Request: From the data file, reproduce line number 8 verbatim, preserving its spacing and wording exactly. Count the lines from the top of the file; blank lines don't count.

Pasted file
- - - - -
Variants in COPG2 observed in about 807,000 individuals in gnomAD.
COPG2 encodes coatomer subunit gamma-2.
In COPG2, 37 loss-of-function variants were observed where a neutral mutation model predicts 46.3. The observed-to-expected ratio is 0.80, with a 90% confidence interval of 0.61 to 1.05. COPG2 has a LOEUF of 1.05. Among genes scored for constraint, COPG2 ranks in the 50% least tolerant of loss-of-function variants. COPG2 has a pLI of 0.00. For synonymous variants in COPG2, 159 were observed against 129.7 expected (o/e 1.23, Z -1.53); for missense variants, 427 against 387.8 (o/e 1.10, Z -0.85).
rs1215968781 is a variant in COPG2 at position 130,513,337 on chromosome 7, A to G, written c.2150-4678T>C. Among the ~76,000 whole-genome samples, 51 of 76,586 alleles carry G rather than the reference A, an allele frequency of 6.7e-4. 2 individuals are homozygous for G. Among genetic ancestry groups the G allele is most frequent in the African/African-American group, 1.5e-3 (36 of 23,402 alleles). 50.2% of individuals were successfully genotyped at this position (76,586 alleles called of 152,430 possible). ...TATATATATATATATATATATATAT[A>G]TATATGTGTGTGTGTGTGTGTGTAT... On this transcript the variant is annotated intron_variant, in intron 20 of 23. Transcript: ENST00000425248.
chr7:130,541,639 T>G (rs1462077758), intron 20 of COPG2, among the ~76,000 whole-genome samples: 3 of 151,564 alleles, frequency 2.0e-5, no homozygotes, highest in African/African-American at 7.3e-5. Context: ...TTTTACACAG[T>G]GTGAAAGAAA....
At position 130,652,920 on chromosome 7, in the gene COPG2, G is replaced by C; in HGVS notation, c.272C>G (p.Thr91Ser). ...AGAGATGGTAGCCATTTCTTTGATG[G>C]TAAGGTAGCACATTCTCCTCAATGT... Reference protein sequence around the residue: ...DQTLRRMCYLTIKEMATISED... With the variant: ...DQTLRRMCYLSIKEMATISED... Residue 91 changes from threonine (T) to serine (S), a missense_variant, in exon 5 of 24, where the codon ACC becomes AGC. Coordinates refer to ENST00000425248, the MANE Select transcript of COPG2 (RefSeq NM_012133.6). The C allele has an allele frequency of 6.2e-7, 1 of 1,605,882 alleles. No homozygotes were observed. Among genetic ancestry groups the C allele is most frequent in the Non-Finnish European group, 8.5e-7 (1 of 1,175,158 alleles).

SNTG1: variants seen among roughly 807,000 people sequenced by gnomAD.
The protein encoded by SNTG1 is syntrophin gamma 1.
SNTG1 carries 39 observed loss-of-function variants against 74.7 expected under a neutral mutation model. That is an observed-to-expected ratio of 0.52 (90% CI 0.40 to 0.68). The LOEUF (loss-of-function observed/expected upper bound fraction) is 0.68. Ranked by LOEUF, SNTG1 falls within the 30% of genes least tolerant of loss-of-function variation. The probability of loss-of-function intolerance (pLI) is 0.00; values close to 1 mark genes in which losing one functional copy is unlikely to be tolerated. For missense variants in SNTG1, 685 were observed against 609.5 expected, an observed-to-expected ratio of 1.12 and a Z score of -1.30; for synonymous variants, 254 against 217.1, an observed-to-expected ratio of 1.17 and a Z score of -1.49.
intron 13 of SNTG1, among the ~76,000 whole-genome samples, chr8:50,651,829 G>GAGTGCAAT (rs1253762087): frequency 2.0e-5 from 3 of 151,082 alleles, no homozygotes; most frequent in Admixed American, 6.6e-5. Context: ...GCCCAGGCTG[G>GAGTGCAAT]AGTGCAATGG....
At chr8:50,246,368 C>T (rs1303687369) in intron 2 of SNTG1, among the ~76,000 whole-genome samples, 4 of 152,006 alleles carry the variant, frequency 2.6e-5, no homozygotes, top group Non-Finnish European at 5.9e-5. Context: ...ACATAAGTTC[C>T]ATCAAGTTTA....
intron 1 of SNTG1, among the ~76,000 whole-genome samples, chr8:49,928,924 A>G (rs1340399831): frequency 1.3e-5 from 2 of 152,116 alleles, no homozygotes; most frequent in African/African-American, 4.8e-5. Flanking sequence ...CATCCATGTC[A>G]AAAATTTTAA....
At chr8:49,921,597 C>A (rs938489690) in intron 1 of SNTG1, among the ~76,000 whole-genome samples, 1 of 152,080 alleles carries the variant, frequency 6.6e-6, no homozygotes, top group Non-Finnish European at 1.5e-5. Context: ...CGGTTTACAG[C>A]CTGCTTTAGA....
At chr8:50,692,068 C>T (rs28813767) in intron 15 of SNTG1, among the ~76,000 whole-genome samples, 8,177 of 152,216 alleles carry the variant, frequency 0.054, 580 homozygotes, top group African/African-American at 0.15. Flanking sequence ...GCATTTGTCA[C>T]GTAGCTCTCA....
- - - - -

The protein encoded by SNTG1 is syntrophin gamma 1.